November 26, 2007
We know that we want our tests to be repeatable, simple and fast. Fast is the key word here. Some tests involve tasks that we don’t want to be run because they involve high time consumption. A classic example is trying to avoid the connection to the database when is not neccessary. This testing approach has lead to a whole framework called UnitRecord that allows us to test ActiveRecord models without hitting the database. This nicely wrapped gem makes use of stubs for faking database columns. But no so fast; let’s explain before what are stubs and mocks.
First of all should we point the difference (huge difference) between mocking and stubbing, as some times is not well understood. Stubs and mocks are similar concepts that drive to completely different testing philosophies, the classic TDD (Test Driven Development) and the fairly new BDD (Behaviour Driven Development).
On one hand, we would want to test our classes and methods by the results they give to us. If we have a method that takes an array of integers and returns it in ascendant order, we should consider writing a test which will take the array [4,3,5] and check that the result will be [3,4,5]. We don’t care about how our software do that, we care about whether what our software is giving as a result. This is classic TDD.On the other hand, we know that there are different algorithms for sorting an array. Maybe we were using an easy insertion sort algorithm, then we realised that the sets of numbers were getting bigger and bigger and decided to switch to a quick sort. The method is the same, the result as well, the way it does it is different. Testing our software paying attention at how it does it (and thus giving to the test cases our expectations on what the software is going to do in order to solve the task) is BDD.
A still-awake reader would have noticed that BBD involves highly coupled tests. A mock will have our expectations on the behaviour of the method declared, and our expectations will change every time we change the internal algorithm of our method. This is, I think, the biggest drawback of BDD and mocks. It has many advantages though, especially about the need to think about the design of our software from the very begging, when we are writing our test (yes, before start coding the real app), if you name correctly your tests cases, of course. BDD promotes also some good design techniques and autocomments the implementation code on the test (as we are describing there how our code works). Martin Fowler has an excellent article comparing advantages and disadvantages of both approaches, with some examples written in Java. And if you decide to go BDD, you should check RSpec for Ruby.If you still have to decide, we have in Ruby a marvellous tool that allows us to stub and mock with one single framework, called Mocha. RoR developers coming from Java will be happy as the syntax of Ruby Mocha is intended to be as close as possible to JMock. Here it is a brief test example of mocking:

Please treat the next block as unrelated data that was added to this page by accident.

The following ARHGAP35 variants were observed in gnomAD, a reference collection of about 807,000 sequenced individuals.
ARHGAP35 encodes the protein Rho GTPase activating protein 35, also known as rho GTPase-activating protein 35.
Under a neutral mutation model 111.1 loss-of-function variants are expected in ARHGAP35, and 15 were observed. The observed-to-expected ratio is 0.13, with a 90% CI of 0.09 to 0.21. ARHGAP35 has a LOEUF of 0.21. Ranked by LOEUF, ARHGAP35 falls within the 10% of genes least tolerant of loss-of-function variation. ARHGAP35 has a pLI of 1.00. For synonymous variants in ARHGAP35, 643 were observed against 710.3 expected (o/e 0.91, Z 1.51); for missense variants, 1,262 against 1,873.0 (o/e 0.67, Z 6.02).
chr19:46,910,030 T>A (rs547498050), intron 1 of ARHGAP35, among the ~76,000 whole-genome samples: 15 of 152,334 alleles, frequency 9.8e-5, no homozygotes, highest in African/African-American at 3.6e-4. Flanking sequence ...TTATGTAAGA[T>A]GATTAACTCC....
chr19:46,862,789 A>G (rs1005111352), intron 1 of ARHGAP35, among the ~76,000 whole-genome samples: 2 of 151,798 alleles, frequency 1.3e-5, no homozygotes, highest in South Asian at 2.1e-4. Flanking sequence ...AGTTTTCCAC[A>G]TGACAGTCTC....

def test_should_start_engine engine=mock('engine') car=Car.new(engine) engine.expects(:start) car.start end
And an example of stubbing with Mocha:
def test_should_return_false_for_failed_print document = stub("my document") document.stubs(:print).returns(false) ui = View.new(document) assert_equal false, ui.print end
Notice how in the first case we declare our expectations, while in the second case the assert the result of the test (this phase is called verification). We don’t have verification phase in BDD, thus we don’t have assertions.
- James Mead, An Introduction To Mock Objects In Ruby, extracted from a presentation in the London Ruby Group.
- Mathew Williams, How I Learned to Stop Worrying And Love Web Application Testing.
- Bruce Tate, Mocking And Stubbing in Ruby On Rails. The example that Bruce uses to illustrate the difference between mocking and stubbing could be clearer, in my opinion.
- Ned Wolpert, Ruby Mocha.
November 20, 2007
For those who definitely don’t like the acclaimed TextMate when developing Ruby on Rails applications, chances were not very wide so far. We had RadRails, a RoR focused IDE, who showed off months ago as a promising working frame in its earliest versions, but has been lately reported that its developers have start loosing interest in improving it. We had also Eclipse, whose Ruby support has been also criticized.The finally we have since September the Ruby edition of the well-known NetBeans IDE. We have just installed it, so expect in the next day a comprehensive review. So far, it looks very promising. Let’s take a look at some of its advantages:
- Only 19Mb to download, a fair memory consumption and a lot of helpful functionality out of the box.
- It ships with code completion that works, extremely useful for those who never manage to learn by heart the rails framework. But also includes inline documentation just pressing CTRL + SPACE when typing a keyword.
- Rake support and generations of models, scaffolds, controllers… just in one click!
- Subversion integration to make your version control easier.
- Of course, a lot of helpful syntax highlighting and helpers.
- Built-in gem management!
- Run test on the IDE and RSpec support.